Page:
Agents felt replying to be too overwhelming & at times even hindering their tasks instead of helping

⚙️ Time-consuming & complex housekeeping

Agents had to remember & find relevant properties & then fill each before they could send a reply

2. User Experience Audit

I did an in-depth usability analysis of the agent console analyzing every step in the journey, each interface element, and the interactions involved. Following were the major insights:

↕️ Space Distribution

Lack of context while replying as the reply box obscures the conversation with >50% screen height

🔀 Inconsistent Experiences

Inconsistent reply boxes and editor options reduced learnability & attracted misclicks

🤔 Non-intuitive actions

Certain flows like closing case required memorizing & recalling due to disconnected & unintuitive steps

💬 Reply Box viewport & scroll overlaps

Actual viewport of reply box fit less than 50 words at a time & led to 3 scroll-areas in single middle pane

⛔️️️ Inefficient Error Handling

Error validation after the reply is sent led to complete redo. The error copy was also not always very helpful

🧠 Cognitive load

Unnecessary information & no information hierarchy competed user’s attention for more important bits

3. Usage Data

In collaboration with a product analyst, I looked at the usage metrics for different entities and flows. A large part of this process overlapped with conceptualization & design phase where we had to make major design decisions.

🔍 Solution-finding is most time consuming

Researching solution takes the highest time in case-resolution process averaging around 4.5mins per case

📊 Lack of hierarchy for important actions

3 actions being used >93% times randomly positioned in an endless list of 17 message actions

🖱 Fast typing, slow clicking

Agents are super fast with keyboard but the high no. of mouse clicks slow them down; even the shortest flow takes 8 clicks to reply, consuming >50% time

📐️ Unbalanced space distribution & usage

Properties take >70% space in reply box (>90% with scrolled area) & get used < 10% times

🔁 Redundant selection for account & type

99.6% times agents choose the same social account, 99.3% times msg type matches customer’s last reply

⏱ Micro-time scale

Response time goals vary for different industries but they average < 1min for most. Dealing with such 60s timeframe, saving even 1s becomes critical


Conceptualizing the Solution


I reviewed the investigated problems with the triad to discuss the potential directions and scope ahead. There was a general consensus about the genuinity of discovered problems, their impact, and we had some good initial ideas for tackling them. But there was ambiguity around which ones to get started with & focus within the given short timeline.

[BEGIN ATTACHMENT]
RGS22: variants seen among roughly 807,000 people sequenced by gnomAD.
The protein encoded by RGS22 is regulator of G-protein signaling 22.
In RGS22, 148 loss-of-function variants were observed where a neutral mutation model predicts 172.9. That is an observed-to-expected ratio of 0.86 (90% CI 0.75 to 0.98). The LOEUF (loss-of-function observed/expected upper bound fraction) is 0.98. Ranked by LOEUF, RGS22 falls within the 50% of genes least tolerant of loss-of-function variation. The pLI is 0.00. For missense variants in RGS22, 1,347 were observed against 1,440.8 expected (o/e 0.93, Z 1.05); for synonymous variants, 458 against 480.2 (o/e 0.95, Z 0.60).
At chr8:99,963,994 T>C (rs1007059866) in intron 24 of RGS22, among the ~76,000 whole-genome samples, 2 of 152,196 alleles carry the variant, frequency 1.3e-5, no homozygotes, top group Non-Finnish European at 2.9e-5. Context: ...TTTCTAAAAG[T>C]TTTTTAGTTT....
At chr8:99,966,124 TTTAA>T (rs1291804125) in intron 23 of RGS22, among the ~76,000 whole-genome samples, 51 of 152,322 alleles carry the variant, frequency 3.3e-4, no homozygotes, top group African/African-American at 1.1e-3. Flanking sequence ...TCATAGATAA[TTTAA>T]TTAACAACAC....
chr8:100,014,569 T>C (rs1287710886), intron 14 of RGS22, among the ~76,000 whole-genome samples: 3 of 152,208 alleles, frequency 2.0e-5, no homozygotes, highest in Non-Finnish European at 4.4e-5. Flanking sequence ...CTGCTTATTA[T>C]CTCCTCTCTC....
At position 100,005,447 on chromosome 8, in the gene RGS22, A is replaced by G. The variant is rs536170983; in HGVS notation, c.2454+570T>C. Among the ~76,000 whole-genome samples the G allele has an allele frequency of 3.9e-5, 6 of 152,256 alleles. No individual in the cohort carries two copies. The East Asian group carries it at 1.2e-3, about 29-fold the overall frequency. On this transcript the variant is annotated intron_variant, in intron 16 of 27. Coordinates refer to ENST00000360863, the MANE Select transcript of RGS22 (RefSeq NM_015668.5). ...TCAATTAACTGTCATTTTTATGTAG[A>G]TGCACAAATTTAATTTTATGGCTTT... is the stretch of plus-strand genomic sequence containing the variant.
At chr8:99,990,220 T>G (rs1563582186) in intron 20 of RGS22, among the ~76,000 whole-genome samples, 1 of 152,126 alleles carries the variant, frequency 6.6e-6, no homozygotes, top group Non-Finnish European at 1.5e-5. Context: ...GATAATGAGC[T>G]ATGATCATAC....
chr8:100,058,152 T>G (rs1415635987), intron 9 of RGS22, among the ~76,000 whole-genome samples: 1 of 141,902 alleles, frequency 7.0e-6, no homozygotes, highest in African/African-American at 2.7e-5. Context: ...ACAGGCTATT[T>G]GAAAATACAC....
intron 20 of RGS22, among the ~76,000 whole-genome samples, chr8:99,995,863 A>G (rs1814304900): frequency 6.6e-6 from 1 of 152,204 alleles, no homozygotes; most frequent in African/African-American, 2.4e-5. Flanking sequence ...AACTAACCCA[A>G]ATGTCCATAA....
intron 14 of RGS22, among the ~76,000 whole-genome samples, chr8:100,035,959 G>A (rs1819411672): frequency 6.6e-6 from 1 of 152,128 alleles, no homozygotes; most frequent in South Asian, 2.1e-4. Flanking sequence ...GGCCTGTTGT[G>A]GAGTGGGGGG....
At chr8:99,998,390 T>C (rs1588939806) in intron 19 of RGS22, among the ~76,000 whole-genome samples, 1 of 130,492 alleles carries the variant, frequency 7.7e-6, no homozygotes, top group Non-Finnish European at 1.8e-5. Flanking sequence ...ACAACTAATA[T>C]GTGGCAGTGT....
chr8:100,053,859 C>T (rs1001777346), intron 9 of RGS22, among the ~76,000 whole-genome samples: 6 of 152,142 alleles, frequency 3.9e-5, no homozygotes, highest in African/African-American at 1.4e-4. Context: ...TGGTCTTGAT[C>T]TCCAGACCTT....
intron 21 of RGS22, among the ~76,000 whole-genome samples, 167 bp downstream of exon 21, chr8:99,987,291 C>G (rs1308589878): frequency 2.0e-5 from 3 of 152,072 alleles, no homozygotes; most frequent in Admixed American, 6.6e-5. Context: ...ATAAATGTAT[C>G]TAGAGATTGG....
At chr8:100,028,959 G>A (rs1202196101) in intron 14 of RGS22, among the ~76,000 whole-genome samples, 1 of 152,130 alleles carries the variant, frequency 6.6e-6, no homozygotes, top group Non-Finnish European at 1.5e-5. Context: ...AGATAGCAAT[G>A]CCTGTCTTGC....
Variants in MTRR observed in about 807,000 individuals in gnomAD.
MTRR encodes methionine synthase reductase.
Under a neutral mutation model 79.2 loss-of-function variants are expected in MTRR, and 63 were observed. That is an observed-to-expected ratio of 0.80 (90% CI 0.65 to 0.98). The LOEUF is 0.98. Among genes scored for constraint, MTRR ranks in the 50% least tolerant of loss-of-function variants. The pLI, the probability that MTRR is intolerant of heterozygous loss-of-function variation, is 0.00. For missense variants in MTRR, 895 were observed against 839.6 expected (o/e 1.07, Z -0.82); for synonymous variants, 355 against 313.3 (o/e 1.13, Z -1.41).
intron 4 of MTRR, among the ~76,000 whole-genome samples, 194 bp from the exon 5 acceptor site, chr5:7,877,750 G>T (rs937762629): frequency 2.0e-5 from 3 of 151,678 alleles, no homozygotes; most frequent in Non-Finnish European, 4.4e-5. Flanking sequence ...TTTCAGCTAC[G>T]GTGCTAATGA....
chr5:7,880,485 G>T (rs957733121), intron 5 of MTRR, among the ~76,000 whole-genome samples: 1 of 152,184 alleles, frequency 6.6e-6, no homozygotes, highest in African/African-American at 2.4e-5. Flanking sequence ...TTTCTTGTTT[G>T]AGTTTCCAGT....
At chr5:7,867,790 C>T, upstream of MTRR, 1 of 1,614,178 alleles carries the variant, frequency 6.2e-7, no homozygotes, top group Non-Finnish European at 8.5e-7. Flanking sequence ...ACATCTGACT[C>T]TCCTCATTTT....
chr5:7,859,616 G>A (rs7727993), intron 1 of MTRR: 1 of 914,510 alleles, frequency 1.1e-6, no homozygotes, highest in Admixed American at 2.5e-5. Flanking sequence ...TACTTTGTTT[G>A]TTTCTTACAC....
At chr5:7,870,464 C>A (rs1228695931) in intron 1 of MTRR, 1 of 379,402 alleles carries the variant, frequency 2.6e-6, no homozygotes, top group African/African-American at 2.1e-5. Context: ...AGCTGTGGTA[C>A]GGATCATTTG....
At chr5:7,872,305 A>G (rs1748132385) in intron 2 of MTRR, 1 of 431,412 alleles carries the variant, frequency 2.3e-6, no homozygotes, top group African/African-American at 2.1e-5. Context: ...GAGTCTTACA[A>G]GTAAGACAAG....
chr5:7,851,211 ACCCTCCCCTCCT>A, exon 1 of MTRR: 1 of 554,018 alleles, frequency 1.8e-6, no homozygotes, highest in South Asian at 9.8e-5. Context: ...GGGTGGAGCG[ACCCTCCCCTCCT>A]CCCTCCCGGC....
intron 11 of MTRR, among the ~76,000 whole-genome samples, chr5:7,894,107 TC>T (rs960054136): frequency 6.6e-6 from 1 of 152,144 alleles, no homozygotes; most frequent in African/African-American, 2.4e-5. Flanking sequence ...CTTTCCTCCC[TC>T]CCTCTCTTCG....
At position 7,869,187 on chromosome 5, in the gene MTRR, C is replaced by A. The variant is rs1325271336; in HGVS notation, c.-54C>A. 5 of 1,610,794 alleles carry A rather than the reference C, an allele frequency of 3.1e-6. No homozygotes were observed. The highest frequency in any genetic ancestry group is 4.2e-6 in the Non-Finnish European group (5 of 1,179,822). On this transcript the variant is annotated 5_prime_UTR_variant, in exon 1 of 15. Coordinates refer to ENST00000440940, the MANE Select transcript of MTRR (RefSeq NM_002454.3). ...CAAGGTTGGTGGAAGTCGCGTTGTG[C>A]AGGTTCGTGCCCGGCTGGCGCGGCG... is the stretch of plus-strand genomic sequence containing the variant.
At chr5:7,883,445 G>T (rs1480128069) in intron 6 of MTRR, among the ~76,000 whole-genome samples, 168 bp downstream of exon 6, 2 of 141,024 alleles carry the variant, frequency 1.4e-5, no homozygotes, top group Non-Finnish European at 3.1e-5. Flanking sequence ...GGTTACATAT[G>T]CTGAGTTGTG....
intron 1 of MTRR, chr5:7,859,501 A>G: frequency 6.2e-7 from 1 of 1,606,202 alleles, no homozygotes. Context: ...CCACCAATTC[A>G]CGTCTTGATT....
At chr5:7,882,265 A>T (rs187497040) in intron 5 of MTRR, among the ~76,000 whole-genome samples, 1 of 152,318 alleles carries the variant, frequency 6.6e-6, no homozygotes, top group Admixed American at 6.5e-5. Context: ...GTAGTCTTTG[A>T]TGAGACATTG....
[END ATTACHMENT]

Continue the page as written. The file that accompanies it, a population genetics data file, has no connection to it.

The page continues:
1. Where to start?

To help us move forward, I laid out the micro step-by-step user journey of case resolution and mapped opportunity areas & relative time based on the pain points discovered from the research. Seeing these sequentially from the lens of an agent and on a temporal scale put things in perspective and helped us to have grounded discussions and get on the same page.


Micro-level analysis of replying flow

The existing case resolution journey had 3 main parts -

a. Finding Solution: Time spent researching the solutions that agent don’t already know. The most time-consuming part of the journey & majorly happens outside the agent console. Critically impacts case resolution time.

b. Replying: Time spent in typing the reply, and all the interactions involved before and after it. Time consumption for each individual action is very small but together account for a big share. Mostly impacts the response time.

c. Housekeeping: Time spent in all the official work for storing the right case details for future reference. Time spent is less but the current flow is one of the most complained for part of the journey.

Action Plan

We weighed the opportunity areas in each of the above parts based on their effort, impact, and ease of adoption and came up with the following two-phased Action Plan for the project:

⭐️ Phase I - Quick Wins

Fix existing replying & housekeeping experience
Low effort - high impact

New design system implementation was already in pipeline for next launch, we planned to integrate our small ux fixes with the same

🌟 Phase II - AI Assistance for solution finding

Introduce new solution finding experience
High effort - high impact

Solution finding tools already existed in Sprinklr, we planned to integrate those siloed tools within Agent Console along with making them proactive with AI

We also had another interesting direction for gamification & analytics to drive agent’s motivation further. But we reserved that for later since it required heavy research studies that couldn’t be included in the scope.

2. Guiding Principles

Based on the problems investigated & project constraints, we laid down the following principles to guide the designs ahead:

🎯 Focus on what’s important

Drive agent’s focus towards important things through data-driven information strip down & reorganization

⚡ Optimize for Speed

Optimize flows for micro-level time efficiency, even saving a single second or a click makes a difference

⚙️️️ Good defaults & automation

Save agent’s time & efforts from things that can be automated or defaulted

🔸️ Versatile & Consistent

Adapt to the differences in different channels while keeping the basic skeleton same

✨ Small & Intuitive Changes